Co-founder of PAP

Has held many positions in his political career: Minister for Culture (1959 1965) Minister for Foreign Affairs (upon independence 1980) Minister for Labour (1968 1971) Senior Minister (1985 1988) Deputy Prime Minister (1980 1985) (with Goh Keng Swee) merger in photos:

Donald Stephens speaking at the opening ceremony of the Malaysia Solidarity Consultative Committee. On his left is Yusof bin Ishak (the man on our currency!), the second Yang de-Pertuan Negara of SingaporeDonald StephensFull name: Donald Aloysius Marmaduke Stephens(later converted to Islam and changed his name to Tun Haji Mohammad Fuad Stephens)

First Chief Minister of the state of Sabah Led the state of Sabah into the Federation of Malaysia in 1963. merger in photos:

Chairman of the Malaysia Commission of Enquiry, Lord Cobbold arriving in Singapore before leaving for the Borneo Terrorities (February 1962)The merger in photos:

Chief delegates from Sarawak, North Borneo, Brunei, Singapore and Malaya signing the Memorandum for Malaysia in Singapore, in February 1952.The merger in photos:

Lord Cobbold and other members of the Commission of Enquiry at the Singapore Airport after flying in from Kuching.The merger in photos:

Delegates from North Borneo and Sarawak arriving in Singapore to see Tunku Abdul Rahman off for London Talks.The merger in photos:

Tunku Abdul Rahman and Lee Kuan Yew being welcomed at the airport on their return from talks in London (August 1962)The merger in photos:

Lee Kuan Yew speaking at a rally on the merger referendum (August 1962)The merger in photos:

Lee Siew Choh addressing a Barisan Sosialis rally on the Singapore-Malaya merger.Lee Siew Choh Dr. Lee Siew Choh was a politician and a medical doctor.

He was a member of the PAP until he became a leader of the breakaway Barisan Sosialis in 1961.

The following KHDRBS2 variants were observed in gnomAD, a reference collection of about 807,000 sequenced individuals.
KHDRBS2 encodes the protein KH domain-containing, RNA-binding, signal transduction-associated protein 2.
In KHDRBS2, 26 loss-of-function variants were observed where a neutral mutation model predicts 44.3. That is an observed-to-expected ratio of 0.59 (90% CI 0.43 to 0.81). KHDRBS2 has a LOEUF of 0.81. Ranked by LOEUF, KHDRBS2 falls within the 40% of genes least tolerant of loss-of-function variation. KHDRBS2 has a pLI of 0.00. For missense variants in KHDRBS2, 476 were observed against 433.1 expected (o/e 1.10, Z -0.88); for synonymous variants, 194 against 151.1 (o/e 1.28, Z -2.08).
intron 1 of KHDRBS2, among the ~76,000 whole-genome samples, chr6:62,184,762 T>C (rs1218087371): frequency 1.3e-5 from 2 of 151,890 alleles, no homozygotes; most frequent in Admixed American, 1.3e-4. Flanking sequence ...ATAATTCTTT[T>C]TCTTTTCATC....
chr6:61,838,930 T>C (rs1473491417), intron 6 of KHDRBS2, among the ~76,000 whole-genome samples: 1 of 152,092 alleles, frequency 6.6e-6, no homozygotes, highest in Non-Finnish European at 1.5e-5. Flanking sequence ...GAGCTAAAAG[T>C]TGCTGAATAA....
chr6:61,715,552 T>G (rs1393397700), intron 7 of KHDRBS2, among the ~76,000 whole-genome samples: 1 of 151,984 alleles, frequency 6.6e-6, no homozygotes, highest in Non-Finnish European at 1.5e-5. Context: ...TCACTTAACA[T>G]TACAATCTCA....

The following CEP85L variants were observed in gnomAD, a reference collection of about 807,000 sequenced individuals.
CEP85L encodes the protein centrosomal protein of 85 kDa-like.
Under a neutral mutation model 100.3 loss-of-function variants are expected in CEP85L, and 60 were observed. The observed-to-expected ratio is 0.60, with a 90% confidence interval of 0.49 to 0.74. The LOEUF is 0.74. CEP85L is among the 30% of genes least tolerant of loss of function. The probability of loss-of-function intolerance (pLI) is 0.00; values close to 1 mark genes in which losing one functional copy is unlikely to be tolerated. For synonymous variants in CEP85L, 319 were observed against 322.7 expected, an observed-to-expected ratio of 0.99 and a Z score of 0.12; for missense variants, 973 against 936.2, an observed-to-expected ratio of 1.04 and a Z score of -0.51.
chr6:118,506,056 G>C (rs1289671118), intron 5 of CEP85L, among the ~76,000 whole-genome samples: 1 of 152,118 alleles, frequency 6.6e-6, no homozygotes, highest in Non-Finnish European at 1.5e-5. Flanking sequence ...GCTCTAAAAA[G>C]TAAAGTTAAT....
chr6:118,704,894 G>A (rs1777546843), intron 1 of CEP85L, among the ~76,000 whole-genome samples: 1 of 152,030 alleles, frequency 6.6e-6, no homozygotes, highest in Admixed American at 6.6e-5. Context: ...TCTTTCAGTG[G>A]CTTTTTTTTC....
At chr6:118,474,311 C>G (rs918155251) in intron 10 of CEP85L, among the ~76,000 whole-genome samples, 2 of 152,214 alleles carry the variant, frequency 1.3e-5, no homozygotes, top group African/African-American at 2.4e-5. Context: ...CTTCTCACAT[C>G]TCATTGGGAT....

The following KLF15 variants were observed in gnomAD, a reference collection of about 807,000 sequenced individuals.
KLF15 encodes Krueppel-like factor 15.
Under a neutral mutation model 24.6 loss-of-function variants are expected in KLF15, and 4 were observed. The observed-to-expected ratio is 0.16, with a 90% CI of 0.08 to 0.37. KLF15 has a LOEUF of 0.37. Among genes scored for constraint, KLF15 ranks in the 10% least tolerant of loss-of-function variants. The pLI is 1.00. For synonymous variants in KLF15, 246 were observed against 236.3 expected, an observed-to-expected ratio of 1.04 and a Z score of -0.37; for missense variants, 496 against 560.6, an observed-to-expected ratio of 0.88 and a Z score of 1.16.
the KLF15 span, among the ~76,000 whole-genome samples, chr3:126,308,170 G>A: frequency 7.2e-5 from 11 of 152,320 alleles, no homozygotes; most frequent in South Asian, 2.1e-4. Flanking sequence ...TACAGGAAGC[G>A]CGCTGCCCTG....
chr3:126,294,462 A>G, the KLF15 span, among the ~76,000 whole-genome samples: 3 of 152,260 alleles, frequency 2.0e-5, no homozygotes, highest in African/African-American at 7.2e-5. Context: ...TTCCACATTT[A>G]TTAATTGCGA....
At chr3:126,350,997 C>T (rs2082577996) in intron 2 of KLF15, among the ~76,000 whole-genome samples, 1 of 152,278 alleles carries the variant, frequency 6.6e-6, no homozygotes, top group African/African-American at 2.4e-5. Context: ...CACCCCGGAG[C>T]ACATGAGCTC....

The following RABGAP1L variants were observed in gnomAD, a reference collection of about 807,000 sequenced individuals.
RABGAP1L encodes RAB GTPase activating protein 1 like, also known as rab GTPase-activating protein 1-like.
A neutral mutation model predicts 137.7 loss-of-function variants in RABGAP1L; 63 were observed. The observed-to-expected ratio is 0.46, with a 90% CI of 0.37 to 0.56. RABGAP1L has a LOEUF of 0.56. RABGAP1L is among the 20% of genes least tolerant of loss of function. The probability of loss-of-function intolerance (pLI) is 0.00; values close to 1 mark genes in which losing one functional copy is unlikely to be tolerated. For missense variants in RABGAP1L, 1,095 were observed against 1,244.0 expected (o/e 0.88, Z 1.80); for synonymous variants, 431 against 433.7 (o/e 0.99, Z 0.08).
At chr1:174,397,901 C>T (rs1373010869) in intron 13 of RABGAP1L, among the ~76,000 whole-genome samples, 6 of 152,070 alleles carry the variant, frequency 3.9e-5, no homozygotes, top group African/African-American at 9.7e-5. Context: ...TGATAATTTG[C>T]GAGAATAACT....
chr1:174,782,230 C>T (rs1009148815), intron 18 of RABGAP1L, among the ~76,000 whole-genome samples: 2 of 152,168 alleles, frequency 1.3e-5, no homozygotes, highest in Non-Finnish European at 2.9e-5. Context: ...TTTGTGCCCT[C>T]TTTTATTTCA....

Lee later stood as a Worker's Party candidate in the 1988 general election and became Singapore's first NCMP (Non-Constituency Member of Parliament)

The merger in photos:

Lee Kuan Yew explaining options to voters during the National Referendum on the Singapore-Malaya merger.The merger in photos:

Lee Siew Choh and David Marshall at a radio Singapore forum on the merger between Malaya and Singapore.David MarshallFull name: David Saul Marshall (12 March 1908 12 December 1995)

the leader of the Singapore Labour Front and

became the first Chief Minister of Singapore in 1955.!DMarshall.jpg merger in photos:

Lee Kuan Yew and [the late] Goh Keng Swee in a radio debate with members of opposition parties on Singapore-Malaya merger.Goh Keng Swee Goh Keng Swee (6 October 1918 14 May 2010)

Second Deputy Prime Minister of Singapore from 1973 to 1984

Member of Parliament for the Kreta Ayer constituency for a quarter of a century (1959 1984)

He has held many titles: Finance Minister (19671970), Minister for Defence (19701979) and Minister for Education (19791980, 19811984).

The merger in photos:

Lee Siew Choh and Lim Chin Siong of the Barisan Sosialis arrive at the Singapore Badminton Hall for the referendum results (September 1962)Lim Chin Siong

He was a member of the PAP, but later left for the Barisan Sosialis

He is infamously known for certain Anti-British and Communists acts, and for being trade union leader.

He is known to be one of the leaders that caused the Hock Lee Bus Riots and the 1956 Chinese School riots, both associated with communist trade unions.The merger in photos:

Lee Kuan Yew on a Thank You tour of his constituency after victory at the National referendum polls.The merger in photos:

Lord Selkirk, Commissioner-General for South-east Asia, in Singapore (February 1963)The merger in photos:

The Malaysian flag being raised on 16 September 1963 at the proclamation ceremony in front of City Hall in Singapore.The merger in photos:Summing upAs we can see, the British were very much involved in this matter of merger Negotiations with London were common and frequent, and also an important aspect.

We can also see that Singapore already had many political leaders at that timeThey represent the local voice and opinion on the merger

Many political leaders from Malaya were also involved.